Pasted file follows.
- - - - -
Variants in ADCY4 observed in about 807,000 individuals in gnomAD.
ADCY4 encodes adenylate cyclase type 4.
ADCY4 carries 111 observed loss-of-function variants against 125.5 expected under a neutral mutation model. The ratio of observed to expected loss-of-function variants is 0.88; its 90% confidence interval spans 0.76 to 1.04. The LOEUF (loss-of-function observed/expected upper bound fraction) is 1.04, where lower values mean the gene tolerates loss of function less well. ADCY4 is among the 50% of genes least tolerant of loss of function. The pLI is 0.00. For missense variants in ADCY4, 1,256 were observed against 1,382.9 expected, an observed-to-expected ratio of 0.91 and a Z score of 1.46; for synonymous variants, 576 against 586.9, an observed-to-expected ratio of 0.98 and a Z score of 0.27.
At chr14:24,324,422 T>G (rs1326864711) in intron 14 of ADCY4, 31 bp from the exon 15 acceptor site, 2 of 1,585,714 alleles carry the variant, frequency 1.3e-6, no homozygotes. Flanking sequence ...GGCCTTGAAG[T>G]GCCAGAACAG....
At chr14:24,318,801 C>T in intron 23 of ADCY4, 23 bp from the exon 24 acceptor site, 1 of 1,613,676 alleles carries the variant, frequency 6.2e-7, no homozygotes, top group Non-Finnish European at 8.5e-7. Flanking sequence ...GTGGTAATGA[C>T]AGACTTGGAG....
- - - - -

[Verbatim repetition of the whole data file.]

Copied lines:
Variants in ADCY4 observed in about 807,000 individuals in gnomAD.
ADCY4 encodes adenylate cyclase type 4.
ADCY4 carries 111 observed loss-of-function variants against 125.5 expected under a neutral mutation model. The ratio of observed to expected loss-of-function variants is 0.88; its 90% confidence interval spans 0.76 to 1.04. The LOEUF (loss-of-function observed/expected upper bound fraction) is 1.04, where lower values mean the gene tolerates loss of function less well. ADCY4 is among the 50% of genes least tolerant of loss of function. The pLI is 0.00. For missense variants in ADCY4, 1,256 were observed against 1,382.9 expected, an observed-to-expected ratio of 0.91 and a Z score of 1.46; for synonymous variants, 576 against 586.9, an observed-to-expected ratio of 0.98 and a Z score of 0.27.
At chr14:24,324,422 T>G (rs1326864711) in intron 14 of ADCY4, 31 bp from the exon 15 acceptor site, 2 of 1,585,714 alleles carry the variant, frequency 1.3e-6, no homozygotes. Flanking sequence ...GGCCTTGAAG[T>G]GCCAGAACAG....
At chr14:24,318,801 C>T in intron 23 of ADCY4, 23 bp from the exon 24 acceptor site, 1 of 1,613,676 alleles carries the variant, frequency 6.2e-7, no homozygotes, top group Non-Finnish European at 8.5e-7. Flanking sequence ...GTGGTAATGA[C>T]AGACTTGGAG....